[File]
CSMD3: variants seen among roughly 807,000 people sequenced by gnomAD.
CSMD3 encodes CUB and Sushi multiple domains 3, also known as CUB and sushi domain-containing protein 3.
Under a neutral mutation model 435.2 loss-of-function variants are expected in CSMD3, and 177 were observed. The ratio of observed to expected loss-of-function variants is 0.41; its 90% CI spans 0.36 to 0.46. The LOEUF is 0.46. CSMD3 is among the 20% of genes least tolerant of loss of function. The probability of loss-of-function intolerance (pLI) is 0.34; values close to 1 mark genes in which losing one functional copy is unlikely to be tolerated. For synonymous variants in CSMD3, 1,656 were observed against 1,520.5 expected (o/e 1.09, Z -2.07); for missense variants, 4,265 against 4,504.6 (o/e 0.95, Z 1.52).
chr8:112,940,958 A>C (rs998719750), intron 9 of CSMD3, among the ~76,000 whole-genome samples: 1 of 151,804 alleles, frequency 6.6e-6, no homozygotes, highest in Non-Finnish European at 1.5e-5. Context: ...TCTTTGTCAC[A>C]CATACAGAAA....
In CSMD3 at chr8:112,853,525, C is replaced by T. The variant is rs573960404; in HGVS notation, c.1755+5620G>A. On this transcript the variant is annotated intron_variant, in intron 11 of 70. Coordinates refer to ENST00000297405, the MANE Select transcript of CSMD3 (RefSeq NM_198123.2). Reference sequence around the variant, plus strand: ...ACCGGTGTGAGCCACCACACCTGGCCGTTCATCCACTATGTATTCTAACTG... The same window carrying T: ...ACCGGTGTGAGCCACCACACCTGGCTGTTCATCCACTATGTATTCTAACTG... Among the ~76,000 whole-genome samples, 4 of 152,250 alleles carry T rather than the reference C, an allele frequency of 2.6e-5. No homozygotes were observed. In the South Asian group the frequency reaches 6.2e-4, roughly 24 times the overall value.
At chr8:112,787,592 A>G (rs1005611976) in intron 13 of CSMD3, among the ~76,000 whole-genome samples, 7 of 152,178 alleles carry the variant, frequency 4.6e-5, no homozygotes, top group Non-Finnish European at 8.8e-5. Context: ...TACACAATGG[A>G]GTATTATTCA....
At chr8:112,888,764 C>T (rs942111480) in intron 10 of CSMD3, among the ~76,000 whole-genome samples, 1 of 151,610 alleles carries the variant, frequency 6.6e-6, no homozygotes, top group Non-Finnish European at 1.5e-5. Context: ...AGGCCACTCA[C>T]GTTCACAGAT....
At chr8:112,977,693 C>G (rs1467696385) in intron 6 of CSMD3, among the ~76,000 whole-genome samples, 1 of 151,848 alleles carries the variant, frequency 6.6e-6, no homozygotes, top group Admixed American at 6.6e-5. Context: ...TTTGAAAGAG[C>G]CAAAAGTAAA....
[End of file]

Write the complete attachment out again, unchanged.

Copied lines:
CSMD3: variants seen among roughly 807,000 people sequenced by gnomAD.
CSMD3 encodes CUB and Sushi multiple domains 3, also known as CUB and sushi domain-containing protein 3.
Under a neutral mutation model 435.2 loss-of-function variants are expected in CSMD3, and 177 were observed. The ratio of observed to expected loss-of-function variants is 0.41; its 90% CI spans 0.36 to 0.46. The LOEUF is 0.46. CSMD3 is among the 20% of genes least tolerant of loss of function. The probability of loss-of-function intolerance (pLI) is 0.34; values close to 1 mark genes in which losing one functional copy is unlikely to be tolerated. For synonymous variants in CSMD3, 1,656 were observed against 1,520.5 expected (o/e 1.09, Z -2.07); for missense variants, 4,265 against 4,504.6 (o/e 0.95, Z 1.52).
chr8:112,940,958 A>C (rs998719750), intron 9 of CSMD3, among the ~76,000 whole-genome samples: 1 of 151,804 alleles, frequency 6.6e-6, no homozygotes, highest in Non-Finnish European at 1.5e-5. Context: ...TCTTTGTCAC[A>C]CATACAGAAA....
In CSMD3 at chr8:112,853,525, C is replaced by T. The variant is rs573960404; in HGVS notation, c.1755+5620G>A. On this transcript the variant is annotated intron_variant, in intron 11 of 70. Coordinates refer to ENST00000297405, the MANE Select transcript of CSMD3 (RefSeq NM_198123.2). Reference sequence around the variant, plus strand: ...ACCGGTGTGAGCCACCACACCTGGCCGTTCATCCACTATGTATTCTAACTG... The same window carrying T: ...ACCGGTGTGAGCCACCACACCTGGCTGTTCATCCACTATGTATTCTAACTG... Among the ~76,000 whole-genome samples, 4 of 152,250 alleles carry T rather than the reference C, an allele frequency of 2.6e-5. No homozygotes were observed. In the South Asian group the frequency reaches 6.2e-4, roughly 24 times the overall value.
At chr8:112,787,592 A>G (rs1005611976) in intron 13 of CSMD3, among the ~76,000 whole-genome samples, 7 of 152,178 alleles carry the variant, frequency 4.6e-5, no homozygotes, top group Non-Finnish European at 8.8e-5. Context: ...TACACAATGG[A>G]GTATTATTCA....
At chr8:112,888,764 C>T (rs942111480) in intron 10 of CSMD3, among the ~76,000 whole-genome samples, 1 of 151,610 alleles carries the variant, frequency 6.6e-6, no homozygotes, top group Non-Finnish European at 1.5e-5. Context: ...AGGCCACTCA[C>T]GTTCACAGAT....
At chr8:112,977,693 C>G (rs1467696385) in intron 6 of CSMD3, among the ~76,000 whole-genome samples, 1 of 151,848 alleles carries the variant, frequency 6.6e-6, no homozygotes, top group Admixed American at 6.6e-5. Context: ...TTTGAAAGAG[C>G]CAAAAGTAAA....